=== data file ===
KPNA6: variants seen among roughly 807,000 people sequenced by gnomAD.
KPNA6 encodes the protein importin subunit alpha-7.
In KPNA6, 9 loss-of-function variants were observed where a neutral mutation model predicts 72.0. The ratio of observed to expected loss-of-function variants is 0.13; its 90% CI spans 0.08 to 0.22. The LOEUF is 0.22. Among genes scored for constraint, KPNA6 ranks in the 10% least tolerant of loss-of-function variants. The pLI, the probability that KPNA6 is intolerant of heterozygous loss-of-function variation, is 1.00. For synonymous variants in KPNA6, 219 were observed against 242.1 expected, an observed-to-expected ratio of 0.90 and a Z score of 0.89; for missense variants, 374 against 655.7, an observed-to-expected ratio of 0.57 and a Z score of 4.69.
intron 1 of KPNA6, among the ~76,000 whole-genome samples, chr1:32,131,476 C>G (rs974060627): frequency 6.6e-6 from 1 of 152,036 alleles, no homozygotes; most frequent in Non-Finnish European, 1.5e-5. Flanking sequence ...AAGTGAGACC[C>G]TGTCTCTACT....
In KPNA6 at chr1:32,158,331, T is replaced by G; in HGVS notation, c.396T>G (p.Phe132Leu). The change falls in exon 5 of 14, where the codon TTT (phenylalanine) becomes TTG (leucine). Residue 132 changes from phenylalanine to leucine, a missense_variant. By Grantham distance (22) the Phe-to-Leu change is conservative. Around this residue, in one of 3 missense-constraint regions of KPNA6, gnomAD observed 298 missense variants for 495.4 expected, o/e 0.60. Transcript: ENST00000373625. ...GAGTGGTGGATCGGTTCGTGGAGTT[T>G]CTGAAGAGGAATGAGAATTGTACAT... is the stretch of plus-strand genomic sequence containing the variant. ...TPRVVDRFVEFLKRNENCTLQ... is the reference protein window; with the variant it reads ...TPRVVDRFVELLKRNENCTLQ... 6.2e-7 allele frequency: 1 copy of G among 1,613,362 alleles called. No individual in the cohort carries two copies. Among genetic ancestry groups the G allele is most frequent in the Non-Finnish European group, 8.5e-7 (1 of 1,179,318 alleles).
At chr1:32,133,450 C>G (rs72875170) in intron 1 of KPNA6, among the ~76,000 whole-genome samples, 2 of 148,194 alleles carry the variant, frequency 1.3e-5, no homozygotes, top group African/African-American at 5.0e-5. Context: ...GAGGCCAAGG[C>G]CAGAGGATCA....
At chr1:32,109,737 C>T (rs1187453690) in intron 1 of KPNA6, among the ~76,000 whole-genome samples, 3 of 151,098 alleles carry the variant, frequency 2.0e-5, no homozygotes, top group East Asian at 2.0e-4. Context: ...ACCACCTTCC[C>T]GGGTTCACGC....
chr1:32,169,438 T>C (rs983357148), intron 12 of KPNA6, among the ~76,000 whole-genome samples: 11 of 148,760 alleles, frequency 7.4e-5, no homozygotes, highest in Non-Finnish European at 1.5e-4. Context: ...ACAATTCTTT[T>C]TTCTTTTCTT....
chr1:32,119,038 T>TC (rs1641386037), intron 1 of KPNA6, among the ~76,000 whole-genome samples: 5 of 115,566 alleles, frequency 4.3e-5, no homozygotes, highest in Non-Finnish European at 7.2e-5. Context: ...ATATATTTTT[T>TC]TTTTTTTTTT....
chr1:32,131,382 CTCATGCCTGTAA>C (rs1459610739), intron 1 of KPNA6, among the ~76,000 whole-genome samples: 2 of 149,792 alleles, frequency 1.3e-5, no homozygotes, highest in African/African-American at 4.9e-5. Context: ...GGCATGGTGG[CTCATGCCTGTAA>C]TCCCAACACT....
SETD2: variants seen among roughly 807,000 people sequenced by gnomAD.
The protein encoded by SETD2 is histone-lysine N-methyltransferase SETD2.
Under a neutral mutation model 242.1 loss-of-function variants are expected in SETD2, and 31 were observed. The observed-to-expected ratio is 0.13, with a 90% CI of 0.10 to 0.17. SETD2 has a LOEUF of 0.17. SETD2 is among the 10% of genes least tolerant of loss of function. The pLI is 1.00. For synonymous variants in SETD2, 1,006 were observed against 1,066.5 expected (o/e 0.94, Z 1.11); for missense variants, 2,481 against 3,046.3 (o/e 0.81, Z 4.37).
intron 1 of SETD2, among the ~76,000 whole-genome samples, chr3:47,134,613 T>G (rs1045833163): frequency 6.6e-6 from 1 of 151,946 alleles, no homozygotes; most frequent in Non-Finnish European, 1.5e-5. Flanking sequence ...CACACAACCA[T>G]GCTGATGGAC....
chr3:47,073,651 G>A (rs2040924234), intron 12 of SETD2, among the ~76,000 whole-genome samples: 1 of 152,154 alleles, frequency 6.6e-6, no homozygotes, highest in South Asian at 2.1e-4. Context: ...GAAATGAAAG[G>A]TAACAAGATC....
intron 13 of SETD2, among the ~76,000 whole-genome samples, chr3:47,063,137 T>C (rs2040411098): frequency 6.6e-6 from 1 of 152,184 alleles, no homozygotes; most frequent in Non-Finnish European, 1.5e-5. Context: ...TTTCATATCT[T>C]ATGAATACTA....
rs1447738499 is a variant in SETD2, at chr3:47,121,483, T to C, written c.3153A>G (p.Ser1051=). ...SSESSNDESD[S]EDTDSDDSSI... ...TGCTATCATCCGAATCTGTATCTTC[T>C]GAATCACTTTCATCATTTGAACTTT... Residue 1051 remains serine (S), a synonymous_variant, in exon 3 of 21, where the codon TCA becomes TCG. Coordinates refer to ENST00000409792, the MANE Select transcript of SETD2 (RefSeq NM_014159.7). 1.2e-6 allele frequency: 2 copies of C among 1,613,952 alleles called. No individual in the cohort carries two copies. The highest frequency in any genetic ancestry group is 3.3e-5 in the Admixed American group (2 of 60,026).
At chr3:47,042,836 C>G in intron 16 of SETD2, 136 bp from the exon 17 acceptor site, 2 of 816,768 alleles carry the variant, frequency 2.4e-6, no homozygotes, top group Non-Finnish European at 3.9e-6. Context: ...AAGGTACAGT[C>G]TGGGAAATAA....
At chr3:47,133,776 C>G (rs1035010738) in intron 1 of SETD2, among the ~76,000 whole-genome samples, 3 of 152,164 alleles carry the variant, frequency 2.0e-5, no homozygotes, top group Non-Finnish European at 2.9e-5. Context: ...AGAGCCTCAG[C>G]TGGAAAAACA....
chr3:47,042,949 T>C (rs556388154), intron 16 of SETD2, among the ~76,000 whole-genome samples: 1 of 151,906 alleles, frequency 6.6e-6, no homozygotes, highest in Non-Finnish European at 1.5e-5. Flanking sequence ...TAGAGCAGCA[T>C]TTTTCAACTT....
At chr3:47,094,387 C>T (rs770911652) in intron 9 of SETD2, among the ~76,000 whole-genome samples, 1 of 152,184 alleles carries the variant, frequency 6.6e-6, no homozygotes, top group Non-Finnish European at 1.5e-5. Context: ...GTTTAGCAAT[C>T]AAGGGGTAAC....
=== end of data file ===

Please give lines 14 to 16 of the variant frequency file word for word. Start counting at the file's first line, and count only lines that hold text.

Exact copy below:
intron 1 of SETD2, among the ~76,000 whole-genome samples, chr3:47,134,613 T>G (rs1045833163): frequency 6.6e-6 from 1 of 151,946 alleles, no homozygotes; most frequent in Non-Finnish European, 1.5e-5. Flanking sequence ...CACACAACCA[T>G]GCTGATGGAC....
chr3:47,073,651 G>A (rs2040924234), intron 12 of SETD2, among the ~76,000 whole-genome samples: 1 of 152,154 alleles, frequency 6.6e-6, no homozygotes, highest in South Asian at 2.1e-4. Context: ...GAAATGAAAG[G>A]TAACAAGATC....
intron 13 of SETD2, among the ~76,000 whole-genome samples, chr3:47,063,137 T>C (rs2040411098): frequency 6.6e-6 from 1 of 152,184 alleles, no homozygotes; most frequent in Non-Finnish European, 1.5e-5. Context: ...TTTCATATCT[T>C]ATGAATACTA....